Responsive Web Design - Mobile - HTML5, JavaScript and jQuery (Programmer to Programmer) - 2015

HTML5, JavaScript and jQuery (Programmer to Programmer) - 2015

Part V Mobile

1. Lesson 37: Responsive Web Design

2. Lesson 38: Location API

3. Lesson 39: jQuery Mobile: Part I

4. Lesson 40: jQuery Mobile: Part II

Lesson 37 Responsive Web Design

Web users now expect every website they access to be available not only on a desktop or laptop, but also on tablets and mobile phones. Although the browsers on mobile phones and tablets support most of the features examined in this book, it is not always easy to write HTML and CSS that provide an optimal experience on all devices because of their obvious differences in screen resolution.

This lesson will investigate a series of techniques and technologies that can be leveraged in order to create truly cross-device web pages. These techniques and technologies are often grouped under the umbrella term responsive web design, or RWD for short.

Responsive web design encourages designers to create a single set of resources for all devices, rather than creating specialized websites for different devices. This is becoming increasingly important as screen sizes diverge even within the same class of devices.

Responsive web design addresses the screen resolution problem from three angles:

· The techniques that can be used to construct HTML that automatically adjusts to different screen resolutions and creates the best possible user experience regardless of the screen resolution. These techniques present all the same information regardless of the screen resolution, but the manner in which content is sized and placed on screen will differ depending on resolution.

· The use of flexibly sized images and video that takes into account the overall width and height of the screen. This means ensuring that a resource does not use more space than that allocated by the design, ensuring it scales appropriately, and also ensuring that other elements adapt to the space taken by the resource as the screen resolution changes.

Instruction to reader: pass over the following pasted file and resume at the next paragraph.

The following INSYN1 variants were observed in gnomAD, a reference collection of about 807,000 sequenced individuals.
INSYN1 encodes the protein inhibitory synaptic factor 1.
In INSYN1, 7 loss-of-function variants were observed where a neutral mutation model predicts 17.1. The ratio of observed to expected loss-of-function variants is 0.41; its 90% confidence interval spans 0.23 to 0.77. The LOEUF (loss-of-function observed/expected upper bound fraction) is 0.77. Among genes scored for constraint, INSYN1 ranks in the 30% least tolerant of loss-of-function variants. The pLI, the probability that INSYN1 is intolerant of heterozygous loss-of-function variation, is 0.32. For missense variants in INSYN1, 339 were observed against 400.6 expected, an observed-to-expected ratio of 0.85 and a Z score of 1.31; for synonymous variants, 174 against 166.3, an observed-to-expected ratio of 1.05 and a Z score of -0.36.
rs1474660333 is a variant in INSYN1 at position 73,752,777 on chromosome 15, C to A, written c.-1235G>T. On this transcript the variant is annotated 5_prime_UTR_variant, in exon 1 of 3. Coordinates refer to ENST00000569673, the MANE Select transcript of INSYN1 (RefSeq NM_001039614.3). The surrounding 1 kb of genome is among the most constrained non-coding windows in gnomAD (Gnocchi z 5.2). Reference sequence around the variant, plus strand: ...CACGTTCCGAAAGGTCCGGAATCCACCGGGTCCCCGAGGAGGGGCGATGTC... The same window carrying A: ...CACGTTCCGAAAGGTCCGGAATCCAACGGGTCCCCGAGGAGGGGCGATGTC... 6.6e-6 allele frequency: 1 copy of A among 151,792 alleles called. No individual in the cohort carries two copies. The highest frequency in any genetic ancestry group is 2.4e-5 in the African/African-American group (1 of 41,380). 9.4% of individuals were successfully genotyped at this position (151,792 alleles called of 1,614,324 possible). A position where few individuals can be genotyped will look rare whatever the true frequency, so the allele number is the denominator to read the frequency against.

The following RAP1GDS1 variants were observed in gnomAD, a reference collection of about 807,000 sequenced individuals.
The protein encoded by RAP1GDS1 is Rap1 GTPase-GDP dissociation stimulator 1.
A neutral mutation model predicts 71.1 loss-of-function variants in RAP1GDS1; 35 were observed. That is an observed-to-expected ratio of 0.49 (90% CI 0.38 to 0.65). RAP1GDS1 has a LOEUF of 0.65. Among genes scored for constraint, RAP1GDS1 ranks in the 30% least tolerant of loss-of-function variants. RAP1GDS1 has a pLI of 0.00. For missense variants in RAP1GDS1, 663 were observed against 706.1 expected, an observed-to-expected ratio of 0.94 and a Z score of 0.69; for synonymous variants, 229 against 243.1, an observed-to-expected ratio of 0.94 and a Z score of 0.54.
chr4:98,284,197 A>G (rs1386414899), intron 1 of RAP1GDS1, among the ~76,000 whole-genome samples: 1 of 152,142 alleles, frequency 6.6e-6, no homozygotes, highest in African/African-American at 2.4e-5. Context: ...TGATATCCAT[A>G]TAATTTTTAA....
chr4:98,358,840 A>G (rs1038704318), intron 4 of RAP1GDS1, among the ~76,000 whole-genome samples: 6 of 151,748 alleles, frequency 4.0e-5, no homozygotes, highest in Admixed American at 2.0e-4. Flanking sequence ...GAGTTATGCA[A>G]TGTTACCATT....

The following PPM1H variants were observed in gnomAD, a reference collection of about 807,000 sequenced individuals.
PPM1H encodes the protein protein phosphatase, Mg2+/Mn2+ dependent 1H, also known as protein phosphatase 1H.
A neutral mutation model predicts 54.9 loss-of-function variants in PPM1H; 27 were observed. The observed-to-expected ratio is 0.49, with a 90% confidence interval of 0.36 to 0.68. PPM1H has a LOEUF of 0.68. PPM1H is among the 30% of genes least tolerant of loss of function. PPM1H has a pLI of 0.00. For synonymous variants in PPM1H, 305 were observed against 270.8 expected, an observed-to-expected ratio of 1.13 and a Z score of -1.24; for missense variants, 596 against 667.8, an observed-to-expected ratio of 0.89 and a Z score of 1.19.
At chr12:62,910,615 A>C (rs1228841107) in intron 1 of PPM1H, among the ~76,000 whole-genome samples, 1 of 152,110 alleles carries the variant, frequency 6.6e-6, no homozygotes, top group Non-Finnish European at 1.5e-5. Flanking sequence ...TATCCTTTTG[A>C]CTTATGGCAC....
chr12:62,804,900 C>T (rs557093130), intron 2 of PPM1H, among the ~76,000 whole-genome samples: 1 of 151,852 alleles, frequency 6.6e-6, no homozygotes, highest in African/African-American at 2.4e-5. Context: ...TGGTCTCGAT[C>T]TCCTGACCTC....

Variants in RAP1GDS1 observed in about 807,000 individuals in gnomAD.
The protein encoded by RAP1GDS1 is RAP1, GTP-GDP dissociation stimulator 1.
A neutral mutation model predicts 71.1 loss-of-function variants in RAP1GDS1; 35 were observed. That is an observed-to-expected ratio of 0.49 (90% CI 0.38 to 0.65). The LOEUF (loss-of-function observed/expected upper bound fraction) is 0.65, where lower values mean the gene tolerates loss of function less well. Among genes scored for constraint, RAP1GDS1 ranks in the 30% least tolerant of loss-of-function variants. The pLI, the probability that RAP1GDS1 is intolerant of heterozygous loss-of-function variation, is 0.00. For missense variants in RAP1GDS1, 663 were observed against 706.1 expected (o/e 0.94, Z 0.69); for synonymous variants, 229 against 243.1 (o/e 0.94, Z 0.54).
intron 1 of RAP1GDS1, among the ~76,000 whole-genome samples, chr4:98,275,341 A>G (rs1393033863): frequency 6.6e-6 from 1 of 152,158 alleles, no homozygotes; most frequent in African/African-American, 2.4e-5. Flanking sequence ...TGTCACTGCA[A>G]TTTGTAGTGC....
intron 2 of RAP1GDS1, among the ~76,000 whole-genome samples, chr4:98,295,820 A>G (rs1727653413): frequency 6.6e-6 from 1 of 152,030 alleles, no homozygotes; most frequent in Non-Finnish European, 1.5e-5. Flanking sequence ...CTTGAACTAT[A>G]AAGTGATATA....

· The technologies that can be used for changing the content displayed on a web page based on screen resolution. For instance, it may be necessary to hide specific elements on small resolution devices. This can be achieved via a version of the CSS3 media queries you encountered earlier in the book.

Testing Screen Resolution

It is usually possible to test the way in which your design will react to changes in screen resolution by simply resizing the browser window. You can then determine the resolution of the browser window (or viewport) using the JavaScript commands window.innerWidthand window.innerHeight.

As you change the browser size, the web page will automatically adjust the content to adapt to the new screen resolution. This is the same basic process that is performed by the browser when the DOM is manipulated and involves calculating the position and size of each element.

Chrome also provides a helpful utility for emulating other devices. Selecting the mobile phone icon in the developer tools will activate this.

Once enabled, you can choose from a variety of devices, or enter a custom screen resolution, as shown in Figure 37.1.


Figure 37.1

This allows you to see how a web page will render with various different screen resolutions.

Although useful, unfortunately the emulator does not always accurately reflect the user experience. This is primarily because mobile browsers have adapted to the fact that websites are not mobile friendly and use numerous techniques to adjust. The emulator, by comparison, does not do this. For instance, when viewed on the phone itself the web page displays very differently than the emulator suggests. Figure 37.2 shows that an actual Galaxy S4 will resize elements so that they all fit on screen:


Figure 37.2

Although this is generally a useful feature, if you are building a truly responsive website, you generally want to disable this feature. This feature can be disabled via the following meta tag in the head section of the web page:

<meta name="viewport" content="width=device-width, initial-scale=1">

This tells the browser that it should not try to scale the website; it should just assume it has been designed for the default width of the browser viewport. With this set, the Chrome emulator will accurately reflect the actual user experience for each screen resolution.

Flexible Grids

Responsive web design encourages the use of flexible (or fluid) grids for laying out components. Before beginning the exercise of converting the web application to use a flexible grid, let's comment out the table section. This element is naturally too wide for many devices, so we will address it separately in the next section when you look at media queries. To comment out the table, add the following to the opening table tag:


and this to the closing tag:


This will leave the table in the markup, but it will be treated as an HTML comment and not displayed.

The current design of the CRM website uses fixed width elements. For instance:

input {



label {